What can we do?

When we focus on one thing, such as the breath and make an attempt to let go of thoughts as they enter the mind we are initiating what Dr. Herbert Benson, professor, cardiologist, author and founder of the Mind/Body Institute calls The Relaxation Response. As soon as our body is in this relaxed state it has the ability to heal itself. For thousands of year’s yogi’s have known and practiced what Dr. Benson is bringing to our, the western world’s attention. Yoga as a whole practice is centered on this thought of living in the present moment, using the breath as the point to start with. Go ahead; read more about Dr. Benson.


Playing with Pranayama?

In yoga we use the word pranayama to describe breathing exercises. The word prana is Sanskrit for life force and yama can be translated as expansion or control. The life force is the breath; hence pranayama is the control of the breath. Yogi’s consider the breath to be the bridge between the mind and the body, leading to the spirit. Uniting these three, through the breath, creates wholeness. When we are whole we have everything we need and we are on the path to experiencing the blissful state of Samadhi. 

"While we practice conscious breathing, our thinking will slow down, and we can give ourselves a real rest.

Most of the time, we think too much, and mindful breathing helps us to be calm, relaxed and peaceful.

It helps us stop thinking so much and stop being possessed by sorrows of the past and worries about the future.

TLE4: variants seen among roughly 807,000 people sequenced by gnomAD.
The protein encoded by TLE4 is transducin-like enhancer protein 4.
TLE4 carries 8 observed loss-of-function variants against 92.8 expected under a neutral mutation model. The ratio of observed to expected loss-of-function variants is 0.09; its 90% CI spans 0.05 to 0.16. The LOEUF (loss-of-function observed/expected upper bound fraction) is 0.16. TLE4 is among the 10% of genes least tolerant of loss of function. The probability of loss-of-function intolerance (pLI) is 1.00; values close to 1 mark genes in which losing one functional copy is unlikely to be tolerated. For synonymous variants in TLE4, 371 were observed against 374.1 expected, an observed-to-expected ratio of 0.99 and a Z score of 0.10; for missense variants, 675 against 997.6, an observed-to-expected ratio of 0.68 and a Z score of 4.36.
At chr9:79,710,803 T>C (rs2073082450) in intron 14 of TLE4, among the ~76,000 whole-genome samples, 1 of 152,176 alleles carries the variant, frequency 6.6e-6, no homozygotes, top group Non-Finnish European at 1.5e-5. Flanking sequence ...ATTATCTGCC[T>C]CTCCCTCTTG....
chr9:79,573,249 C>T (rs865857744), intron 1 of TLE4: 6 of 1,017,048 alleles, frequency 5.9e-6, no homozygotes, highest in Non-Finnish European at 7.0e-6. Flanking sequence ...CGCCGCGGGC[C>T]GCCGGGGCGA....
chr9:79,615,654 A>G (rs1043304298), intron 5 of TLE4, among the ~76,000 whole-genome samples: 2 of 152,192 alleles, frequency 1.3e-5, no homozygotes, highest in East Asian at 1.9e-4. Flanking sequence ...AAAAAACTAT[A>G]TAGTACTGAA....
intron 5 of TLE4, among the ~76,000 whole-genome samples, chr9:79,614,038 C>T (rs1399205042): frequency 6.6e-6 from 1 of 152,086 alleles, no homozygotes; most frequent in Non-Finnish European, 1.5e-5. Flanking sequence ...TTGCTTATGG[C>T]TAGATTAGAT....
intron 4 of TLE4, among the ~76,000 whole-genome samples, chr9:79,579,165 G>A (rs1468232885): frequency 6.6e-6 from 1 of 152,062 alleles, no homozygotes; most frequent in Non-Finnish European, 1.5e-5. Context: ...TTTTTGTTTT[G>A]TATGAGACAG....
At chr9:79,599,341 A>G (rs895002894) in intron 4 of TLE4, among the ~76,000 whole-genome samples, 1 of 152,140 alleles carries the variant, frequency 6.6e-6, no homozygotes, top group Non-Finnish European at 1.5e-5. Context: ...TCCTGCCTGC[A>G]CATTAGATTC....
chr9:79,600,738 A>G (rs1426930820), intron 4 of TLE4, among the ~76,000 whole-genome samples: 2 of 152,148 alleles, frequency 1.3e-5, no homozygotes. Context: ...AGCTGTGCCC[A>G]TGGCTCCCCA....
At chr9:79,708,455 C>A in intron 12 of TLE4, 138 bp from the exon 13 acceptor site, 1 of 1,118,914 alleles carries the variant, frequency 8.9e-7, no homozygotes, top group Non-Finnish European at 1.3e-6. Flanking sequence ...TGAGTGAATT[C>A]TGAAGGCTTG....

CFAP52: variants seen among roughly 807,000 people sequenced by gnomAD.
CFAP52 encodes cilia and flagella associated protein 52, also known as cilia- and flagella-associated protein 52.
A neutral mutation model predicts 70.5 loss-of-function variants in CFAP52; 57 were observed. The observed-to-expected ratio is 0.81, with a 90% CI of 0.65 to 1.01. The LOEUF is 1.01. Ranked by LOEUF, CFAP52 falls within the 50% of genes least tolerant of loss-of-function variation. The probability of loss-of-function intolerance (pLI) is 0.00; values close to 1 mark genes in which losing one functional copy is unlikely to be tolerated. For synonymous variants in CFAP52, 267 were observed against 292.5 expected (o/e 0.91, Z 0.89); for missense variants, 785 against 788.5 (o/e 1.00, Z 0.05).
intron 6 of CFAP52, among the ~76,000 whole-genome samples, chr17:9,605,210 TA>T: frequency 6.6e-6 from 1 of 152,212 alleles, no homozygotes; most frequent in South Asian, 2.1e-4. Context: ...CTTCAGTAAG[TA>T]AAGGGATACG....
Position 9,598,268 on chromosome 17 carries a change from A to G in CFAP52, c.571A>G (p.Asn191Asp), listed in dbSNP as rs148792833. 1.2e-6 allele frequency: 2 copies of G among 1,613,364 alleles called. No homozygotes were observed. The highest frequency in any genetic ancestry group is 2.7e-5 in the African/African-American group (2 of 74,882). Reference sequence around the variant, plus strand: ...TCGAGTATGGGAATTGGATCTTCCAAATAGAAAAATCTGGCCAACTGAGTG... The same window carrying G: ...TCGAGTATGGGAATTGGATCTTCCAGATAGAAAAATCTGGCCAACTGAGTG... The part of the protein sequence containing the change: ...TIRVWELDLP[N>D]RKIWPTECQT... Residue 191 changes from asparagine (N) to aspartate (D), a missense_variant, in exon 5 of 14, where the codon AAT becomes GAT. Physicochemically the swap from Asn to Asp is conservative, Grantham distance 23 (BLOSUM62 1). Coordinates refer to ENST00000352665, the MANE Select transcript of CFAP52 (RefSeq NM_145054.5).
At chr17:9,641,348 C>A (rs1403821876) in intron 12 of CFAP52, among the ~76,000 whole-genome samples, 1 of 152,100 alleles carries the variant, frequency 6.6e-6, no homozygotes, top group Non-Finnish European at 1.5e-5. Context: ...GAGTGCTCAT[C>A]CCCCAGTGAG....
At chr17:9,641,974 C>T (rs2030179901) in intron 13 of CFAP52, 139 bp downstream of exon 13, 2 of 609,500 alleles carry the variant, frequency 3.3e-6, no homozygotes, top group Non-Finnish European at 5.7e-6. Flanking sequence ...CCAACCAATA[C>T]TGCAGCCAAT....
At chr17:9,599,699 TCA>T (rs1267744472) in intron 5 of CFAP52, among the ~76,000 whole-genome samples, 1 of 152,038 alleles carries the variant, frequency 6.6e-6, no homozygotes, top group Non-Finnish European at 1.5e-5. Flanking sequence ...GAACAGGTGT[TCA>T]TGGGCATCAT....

It enables us to be in touch with life, which is wonderful in the present moment."

- Thich Nhat Hanh

I invite you to take a breath – a real breath!

Here are three breathing exercises you can try for yourself, all a little bit different though with the same outcome; creating balance and calm with in the mind and body. Maybe find a friend who can guide you along with the instruction and laugh with. There is always laughing when you first try some of these. 

1. Diaphragmatic Breathing (Full Belly Breath)

This is a beautiful pranayama to put you to sleep or create the calm feelings through out the body and mind. Focus on the breath for 5 minutes or until you are a satisfied you are relaxed.

Try for Yourself:

Lay down with your eyes closed. Breath through the nose, observe your natural breath for a minute or until you feel settled. Place one hand on the abdomen, one on the chest. As you breath in through the nose feel the breath expand the chest and belly. Feel the ribcage expand outwards and the collarbones rise upwards. Pause for a moment at the top of the inhalation. On the exhalation feel your belly drawing back toward the spine and the pelvic floor drawing up. At the end of the exhalation contract your stomach muscles to push out the residual air in the lungs. Repeat the inhalation and exhalation over and over gently increasing the length of the breath as it feels natural.

2. Nadi Sodhana Pranayama (Alternate Nostril Breathing)

When you are feeling ungrounded or a bit out of balance Nadi Sodhana. Also known as nerve purification breath, nadi sodhana pranayama is practiced to balance the left and right hemispheres of the brain, our feminine and masculine qualities. Targeting the central nervous system it creates calm and focus to the mind, reduces stress and anxiety, increases vitality and leads us into meditation.  Nadi means a channel for the breath and sodhana means purifying. The benefits of a cleansing pranayama are a mind free of restless thoughts and all round sense of calm. Begin the practice by completing six rounds. One round is like this.